Str2num: exact the same conversion

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Xiaohan Du
Xiaohan Du on 3 Mar 2018
Commented: Stephen on 4 Mar 2018
Hi all,
Quick question: I have a string like this:
rawStrMod = '0.0000000001, 0.3'
I use str2num to convert it to number,
>> str2num(rawStrMod)
ans =
0.000000000100000 0.300000000000000
It gives me 0.000000000100000, not exactly the same as 0.0000000001. Here I use format long. If I change to format short g, it gives me:
>> format short g
>> str2num(rawStrMod)
ans =
1e-10 0.3
How can I get exactly 0.0000000001?
  2 Comments
Stephen
Stephen on 4 Mar 2018
"How can I get exactly 0.0000000001?"
It is not possible to store 0.0000000001 exactly using binary floating point numbers.

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Accepted Answer

Walter Roberson
Walter Roberson on 3 Mar 2018
rawStrMod = '0.0000000001, 0.3';
"It gives me 0.000000000100000, not exactly the same as 0.0000000001."
Ignoring formatting issues, none of the Mathworks toolboxes are able to give you exactly the same as 0.0000000001 . MATLAB is not able to store 0.0000000001 exactly in binary floating point: the closest it can get in binary floating point is 0.00000000010000000000000000364321973154977415791655470655996396089904010295867919921875
The closest Mathworks tool can get is by using the Symbolic Toolbox, for which sym('0.0000000001') gives you something that is closer to 0.0000000001 than you can get without the Symbolic Toolbox, but if you probe hard enough you can prove that sym('0.0000000001') is implemented as a binary ratio whose asymptotic accuracy is bounded by truncations of 10/3 bits per digit of accuracy requested (log2(10) would perhaps be expected but the model turned out to be 10/3: some of the bits are being used for overhead of extended precision values.)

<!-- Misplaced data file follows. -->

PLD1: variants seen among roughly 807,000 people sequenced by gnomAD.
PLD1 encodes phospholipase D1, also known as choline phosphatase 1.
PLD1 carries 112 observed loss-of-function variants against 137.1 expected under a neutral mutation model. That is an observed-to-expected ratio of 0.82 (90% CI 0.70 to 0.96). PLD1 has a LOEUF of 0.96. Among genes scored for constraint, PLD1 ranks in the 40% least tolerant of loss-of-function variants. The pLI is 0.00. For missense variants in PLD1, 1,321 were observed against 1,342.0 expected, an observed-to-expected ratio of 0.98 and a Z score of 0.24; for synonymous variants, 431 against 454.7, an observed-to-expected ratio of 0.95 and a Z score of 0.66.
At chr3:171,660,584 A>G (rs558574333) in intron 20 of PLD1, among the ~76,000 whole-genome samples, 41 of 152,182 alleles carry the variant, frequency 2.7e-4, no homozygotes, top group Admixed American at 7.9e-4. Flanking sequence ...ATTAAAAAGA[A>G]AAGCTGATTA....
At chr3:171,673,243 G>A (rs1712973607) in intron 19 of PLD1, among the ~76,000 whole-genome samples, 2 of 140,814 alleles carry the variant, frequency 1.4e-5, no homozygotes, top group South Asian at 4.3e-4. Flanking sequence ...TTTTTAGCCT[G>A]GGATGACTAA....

Everything else is just formatting (and perhaps keeping track of sizes). There are only a few formatting options available for default numeric display. For anything else you should be using sprintf() or fprintf() for fine detailed display.
rawStrMod = '0.0000000001, 0.3, 0.0000000001000, 123';
T = regexp(rawStrMod, '\s*,\s*', 'split');
T_numeric = str2double(T);
T_input_digits = cellfun(@length,regexprep(T,{'^[^.]*$', '^.*\.'},{'', ''},'once', 'lineanchors'));
T_data = num2cell( [T_input_digits(:),T_numeric(:)].' );
fprintf('%.*f\n', T_data{:});
Output is
0.0000000001
0.3
0.0000000001000
123
The input was converted to numeric (T_numeric), but the number of decimal places was tracked, and that number is used to format the output.
This code does have a subtle problem:
  • if you have an integer like the 123, then it is entirely reasonable that the output should not contain a decimal place, like happens here, with the number of decimal places being detected to be 0
  • however, if the 123 were instead 123. with no digits following the decimal places, then the number of decimal places would be considered to be 0, and when told to use 0 decimal places, the %f format item does not put in the trailing decimal point, so 123. would print out as 123 with the code as implemented being unable to format 123 on input differently than 123. on input.

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